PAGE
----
Timely diagnosis of tuberculosis (TB) is limited in Ethiopia. We evaluated the performance of a low technology, thin layer agar, Mycobacterium tuberculosis (M.tb) culture color plate (TB-CX) test with concurrent drug susceptibility testing (DST) to isoniazid (INH), rifampin (RIF), and pyrazinamide (PZA) directly from sputum specimens. Patients undergoing examination for TB and multidrug-resistant (MDR)-TB were enrolled in Addis Ababa, Ethiopia from March 2016 to February 2017. All subjects received a GeneXpert MTB/RIF PCR test. TB-CX test results were compared to reference Löwenstein-Jensen (LJ) culture for M.tb detection and DST for susceptibility to INH and RIF. Kappa statistic was applied to test agreement between results for TB-CX test and the reference methods, a cut-off Kappa value of 0.75 was considered as high level of agreements. A total of 137 participants were analyzed: 88 (64%) were new TB cases, 49 (36%) were re-treatment cases. The TB-CX test detected M.tb and DST in an average of 13 days compared to 50 days for the conventional DST result. The sensitivity and specificity of the TB-CX test for detecting M.tb were 94% and 98%, respectively (concordance, 96%; kappa 0.91). The sensitivity of the TB-CX test to detect drug resistance to INH, RIF, and MDR-TB was 91%, 100%, and 90% respectively. The specificity of the TB-CX test for detecting INH, RIF, and MDR-TB was 94%, 40%, and 94% respectively. Overall agreement between TB-CX test and LJ DST for detection of MDR-TB was 93%. The TB-CX test showed strong agreement with the GeneXpert test for detecting M.tb (89%, kappa 0.76) but low agreement for the detection of RIF resistance (57%, kappa 0.28). The TB-CX test was found to be a good alternative method for screening of TB and selective drug resistant-TB in a timely and cost-efficient manner.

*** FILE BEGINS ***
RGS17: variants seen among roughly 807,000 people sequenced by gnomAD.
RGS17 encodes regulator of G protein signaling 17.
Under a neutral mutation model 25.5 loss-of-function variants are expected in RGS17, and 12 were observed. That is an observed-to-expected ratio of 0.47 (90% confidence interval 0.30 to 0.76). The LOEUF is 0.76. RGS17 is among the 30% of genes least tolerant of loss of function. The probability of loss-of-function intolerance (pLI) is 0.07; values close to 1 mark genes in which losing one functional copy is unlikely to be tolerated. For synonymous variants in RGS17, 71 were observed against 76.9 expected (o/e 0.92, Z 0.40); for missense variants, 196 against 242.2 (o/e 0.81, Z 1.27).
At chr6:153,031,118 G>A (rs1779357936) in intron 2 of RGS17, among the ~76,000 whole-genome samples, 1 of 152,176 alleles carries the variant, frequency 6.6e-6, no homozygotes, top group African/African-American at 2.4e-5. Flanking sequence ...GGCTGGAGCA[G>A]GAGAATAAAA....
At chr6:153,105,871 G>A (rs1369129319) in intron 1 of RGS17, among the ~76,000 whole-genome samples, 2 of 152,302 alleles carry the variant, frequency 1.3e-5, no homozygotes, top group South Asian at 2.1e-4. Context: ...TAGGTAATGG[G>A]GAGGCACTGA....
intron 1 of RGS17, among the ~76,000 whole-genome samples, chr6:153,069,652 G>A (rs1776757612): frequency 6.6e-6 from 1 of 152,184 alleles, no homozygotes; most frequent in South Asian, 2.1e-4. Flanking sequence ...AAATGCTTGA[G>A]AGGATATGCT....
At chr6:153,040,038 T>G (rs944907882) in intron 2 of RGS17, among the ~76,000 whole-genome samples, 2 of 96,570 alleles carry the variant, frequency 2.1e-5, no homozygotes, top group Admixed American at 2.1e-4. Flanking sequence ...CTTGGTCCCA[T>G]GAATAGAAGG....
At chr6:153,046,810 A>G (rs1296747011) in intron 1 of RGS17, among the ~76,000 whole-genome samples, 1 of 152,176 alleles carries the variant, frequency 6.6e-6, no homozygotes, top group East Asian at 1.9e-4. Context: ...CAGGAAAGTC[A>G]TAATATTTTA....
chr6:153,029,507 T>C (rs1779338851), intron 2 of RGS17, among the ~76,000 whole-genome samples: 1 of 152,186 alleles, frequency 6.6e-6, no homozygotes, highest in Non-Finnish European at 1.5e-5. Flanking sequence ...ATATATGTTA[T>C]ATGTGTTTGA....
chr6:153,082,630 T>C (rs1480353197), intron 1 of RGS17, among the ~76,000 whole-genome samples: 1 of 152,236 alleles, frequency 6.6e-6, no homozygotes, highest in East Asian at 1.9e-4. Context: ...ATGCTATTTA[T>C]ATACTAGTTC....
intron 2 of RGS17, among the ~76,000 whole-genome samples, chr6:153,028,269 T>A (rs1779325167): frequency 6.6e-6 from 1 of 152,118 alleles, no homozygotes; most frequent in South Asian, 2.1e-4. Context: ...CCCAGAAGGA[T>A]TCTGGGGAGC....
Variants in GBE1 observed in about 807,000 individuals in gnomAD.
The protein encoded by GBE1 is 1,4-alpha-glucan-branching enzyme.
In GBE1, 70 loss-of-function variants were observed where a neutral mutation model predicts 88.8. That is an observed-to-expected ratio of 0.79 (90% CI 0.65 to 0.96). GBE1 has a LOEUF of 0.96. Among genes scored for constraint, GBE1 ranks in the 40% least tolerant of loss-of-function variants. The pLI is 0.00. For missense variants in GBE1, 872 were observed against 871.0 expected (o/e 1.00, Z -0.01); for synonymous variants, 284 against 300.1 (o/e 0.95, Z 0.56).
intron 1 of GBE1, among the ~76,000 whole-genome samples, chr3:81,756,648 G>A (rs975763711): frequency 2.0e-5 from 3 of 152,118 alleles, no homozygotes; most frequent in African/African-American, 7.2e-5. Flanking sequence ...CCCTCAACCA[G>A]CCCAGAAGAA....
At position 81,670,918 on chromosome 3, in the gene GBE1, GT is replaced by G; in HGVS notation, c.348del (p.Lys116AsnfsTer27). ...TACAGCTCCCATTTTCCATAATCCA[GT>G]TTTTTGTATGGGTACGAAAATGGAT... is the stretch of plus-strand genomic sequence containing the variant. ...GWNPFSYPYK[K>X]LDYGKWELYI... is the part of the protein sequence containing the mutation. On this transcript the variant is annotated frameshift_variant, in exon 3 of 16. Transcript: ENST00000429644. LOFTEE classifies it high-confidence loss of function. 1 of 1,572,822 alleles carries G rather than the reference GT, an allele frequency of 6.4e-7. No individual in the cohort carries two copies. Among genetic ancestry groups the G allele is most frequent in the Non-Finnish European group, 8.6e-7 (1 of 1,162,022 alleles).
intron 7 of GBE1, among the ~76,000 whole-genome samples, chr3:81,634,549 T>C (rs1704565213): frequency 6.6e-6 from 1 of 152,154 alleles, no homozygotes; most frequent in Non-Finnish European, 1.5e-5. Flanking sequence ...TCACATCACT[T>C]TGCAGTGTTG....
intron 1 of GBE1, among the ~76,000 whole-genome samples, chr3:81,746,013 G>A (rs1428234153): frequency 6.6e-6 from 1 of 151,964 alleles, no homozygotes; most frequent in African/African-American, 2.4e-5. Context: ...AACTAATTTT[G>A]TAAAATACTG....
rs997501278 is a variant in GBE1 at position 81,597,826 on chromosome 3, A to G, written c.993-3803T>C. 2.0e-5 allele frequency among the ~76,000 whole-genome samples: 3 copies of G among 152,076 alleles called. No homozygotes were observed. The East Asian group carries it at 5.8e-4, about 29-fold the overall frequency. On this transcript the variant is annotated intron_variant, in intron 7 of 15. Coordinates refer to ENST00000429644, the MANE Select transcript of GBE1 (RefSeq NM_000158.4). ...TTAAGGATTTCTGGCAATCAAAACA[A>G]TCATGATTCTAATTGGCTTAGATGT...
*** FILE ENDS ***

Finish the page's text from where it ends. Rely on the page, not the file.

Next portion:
Journal article

Saunders M, Tovar MA, Collier D, Baldwin MR, Montoya R, Valencia TR, Gilman RH, Evans Cet al., 2019, Active and passive case-finding in tuberculosis-affected households in Peru: a 10-year prospective cohort study, Lancet Infectious Diseases, Vol: 19, Pages: 519-528, ISSN: 1473-3099

Background. Active case finding (ACF) among contacts of patients with tuberculosis is a global health priority, but the effects of ACF compared to passive case finding (PCF) are poorly characterised. We assessed the contribution of ACF versus PCF to tuberculosis detection among contacts and compared sex and disease characteristics between contacts diagnosed through these strategies.Methods. In shantytowns in Callao, Peru, we identified index patients with tuberculosis and followed their contacts aged ≥15 years for tuberculosis for a median 10 years. All were offered free programmatic ACF involving sputum smear microscopy and clinical evaluation. Additionally, all contacts were offered intensified ACF with sputum smear and culture testing monthly for six months and then once every four years. PCF at local health facilities was ongoing throughout follow up.Findings. 8.7% (232/2,666) of contacts were diagnosed with tuberculosis: a two-year cumulative risk of 4.6% and overall incidence of 0.98/100 person-years. 23% (53/232) were diagnosed through ACF and 77% (179/232) through PCF. During the first six months, 45% (23/51) were diagnosed through ACF and 55% (28/51) through PCF. Contacts diagnosed through ACF versus PCF were more frequently female (68% [36/53] versus 47% [85/179], p=0.009); had a shorter symptom duration (25% [9/36] had symptoms for less than 15 days versus 8% [10/127], p=0.03); and were more likely to be sputum smear negative (62% [33/53] versus 35% [62/179], p<0.001).Interpretation. Although ACF made an important contribution to tuberculosis detection among contacts, PCF detected the majority of the tuberculosis burden. Compared to PCF, ACF was equitable, diagnosed tuberculosis earlier and usually before it became sputum smear positive, and revealed a high burden of undetected tuberculosis among women.

Journal article

Datta S, Alvarado K, Gilman RH, Valencia T, Aparicio C, Ramos ES, Montoya R, Evans CAet al., 2019, Optimising fluorescein diacetate sputum smear microscopy for assessing patients with pulmonary tuberculosis, PLoS One, Vol: 14, Pages: 1-24, ISSN: 1932-6203